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Statement by Minister Sajjan on World Food Day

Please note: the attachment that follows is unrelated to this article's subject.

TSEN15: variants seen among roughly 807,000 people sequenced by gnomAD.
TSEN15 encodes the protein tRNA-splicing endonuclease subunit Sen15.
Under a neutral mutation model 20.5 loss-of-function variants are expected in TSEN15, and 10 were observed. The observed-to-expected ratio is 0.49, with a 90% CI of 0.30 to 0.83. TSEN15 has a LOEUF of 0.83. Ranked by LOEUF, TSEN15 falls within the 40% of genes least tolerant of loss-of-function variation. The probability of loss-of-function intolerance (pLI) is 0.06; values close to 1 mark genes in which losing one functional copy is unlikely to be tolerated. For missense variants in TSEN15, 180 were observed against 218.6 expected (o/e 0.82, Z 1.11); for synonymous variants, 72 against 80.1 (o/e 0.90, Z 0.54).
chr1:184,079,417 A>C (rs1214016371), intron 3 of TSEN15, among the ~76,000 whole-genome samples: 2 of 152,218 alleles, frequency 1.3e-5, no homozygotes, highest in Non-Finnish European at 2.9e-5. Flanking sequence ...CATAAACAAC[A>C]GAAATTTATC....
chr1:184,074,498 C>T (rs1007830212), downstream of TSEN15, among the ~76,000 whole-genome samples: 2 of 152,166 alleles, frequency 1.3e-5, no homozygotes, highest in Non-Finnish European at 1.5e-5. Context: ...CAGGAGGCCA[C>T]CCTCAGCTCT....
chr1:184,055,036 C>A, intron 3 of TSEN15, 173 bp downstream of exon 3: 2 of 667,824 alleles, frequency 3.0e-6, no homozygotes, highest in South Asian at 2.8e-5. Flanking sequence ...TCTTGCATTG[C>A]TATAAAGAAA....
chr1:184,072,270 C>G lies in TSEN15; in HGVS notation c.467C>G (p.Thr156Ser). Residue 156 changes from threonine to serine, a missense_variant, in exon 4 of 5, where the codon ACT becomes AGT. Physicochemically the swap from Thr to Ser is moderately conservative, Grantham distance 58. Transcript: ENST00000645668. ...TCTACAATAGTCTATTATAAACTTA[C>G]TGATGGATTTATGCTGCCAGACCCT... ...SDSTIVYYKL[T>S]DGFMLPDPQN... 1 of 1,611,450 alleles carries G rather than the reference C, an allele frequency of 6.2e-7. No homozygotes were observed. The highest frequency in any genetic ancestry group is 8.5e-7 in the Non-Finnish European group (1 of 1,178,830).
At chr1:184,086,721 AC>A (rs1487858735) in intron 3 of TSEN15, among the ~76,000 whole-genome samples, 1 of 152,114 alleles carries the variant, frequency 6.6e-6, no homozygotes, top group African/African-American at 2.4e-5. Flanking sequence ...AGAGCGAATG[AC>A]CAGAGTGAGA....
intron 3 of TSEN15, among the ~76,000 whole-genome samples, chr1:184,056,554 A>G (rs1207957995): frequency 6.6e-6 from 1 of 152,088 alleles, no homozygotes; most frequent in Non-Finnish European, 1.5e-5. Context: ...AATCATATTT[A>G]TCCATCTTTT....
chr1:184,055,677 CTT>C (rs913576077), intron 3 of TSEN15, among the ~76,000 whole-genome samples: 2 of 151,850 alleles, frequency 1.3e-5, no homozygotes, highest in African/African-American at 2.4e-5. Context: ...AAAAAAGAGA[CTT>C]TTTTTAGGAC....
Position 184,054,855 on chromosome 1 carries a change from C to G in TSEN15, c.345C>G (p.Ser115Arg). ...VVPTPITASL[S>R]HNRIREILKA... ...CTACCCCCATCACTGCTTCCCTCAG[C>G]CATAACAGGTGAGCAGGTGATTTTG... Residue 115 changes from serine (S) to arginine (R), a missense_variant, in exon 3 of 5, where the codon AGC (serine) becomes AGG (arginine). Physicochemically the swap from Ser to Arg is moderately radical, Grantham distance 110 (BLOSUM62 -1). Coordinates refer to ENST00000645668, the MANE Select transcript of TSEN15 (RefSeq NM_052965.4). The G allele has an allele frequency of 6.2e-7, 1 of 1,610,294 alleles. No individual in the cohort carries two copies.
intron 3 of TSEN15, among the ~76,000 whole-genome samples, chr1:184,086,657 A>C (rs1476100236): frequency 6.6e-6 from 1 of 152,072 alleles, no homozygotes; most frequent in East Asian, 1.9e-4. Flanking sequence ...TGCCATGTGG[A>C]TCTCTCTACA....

“We need to find and amplify new ways to increase food productivity, reduce waste, raise incomes equitably and improve health and nutrition. It is also time to re-examine how to ensure that our food system is sustainable and provides safe food for all. “An estimated 345 million people now live with food insecurity, and 50 million more are on the brink of famine. Sadly, the global food crisis is most severely felt by the most vulnerable people, especially women and girls. October 16, 2022 – Ottawa, Ontario – Global Affairs Canada “In the last two years, Canada has invested more than .5 billion in projects in which farmers and key multilateral organizations work to address the underlying causes of the evolving global food crisis. On World Food Day, as the world shines a light on this urgent issue—making sure that the most vulnerable have access to enough nutritious, affordable food—Canada will be an active partner in finding solutions.” The Honourable Harjit S. Sajjan, Minister of International Development and Minister responsible for the Pacific Economic Development Agency of Canada, today issued the following statement: “While this immediate help is vital, we will continue working with our partners in developing countries to develop longer-term solutions for greater food system resilience with an emphasis on climate-smart agriculture, fertilizers, sustainable agri-food value chains, inclusive food system governance and productive safety nets. Now is the time to achieve better nutrition, biodiversity and climate change outcomes from agriculture. When two thirds of the world’s smallholder farmers are women, it is crucial to include them in decision making and in developing solutions. “Canada has made significant new commitments to humanitarian food and nutrition assistance, including 5.5 million allocated in 2022, providing short-term relief with a focus on Sub-Saharan Africa to partners such as the World Food Programme, the Food and Agriculture Organization of the United Nations, UNICEF and Canadian NGOs such as the Canadian Foodgrains Bank. “Climate change, COVID-19, conflict and economic downturns have escalated the stress on global food systems in the last few years. And in February 2022, Russia’s unprovoked invasion of Ukraine shocked global food and energy systems.

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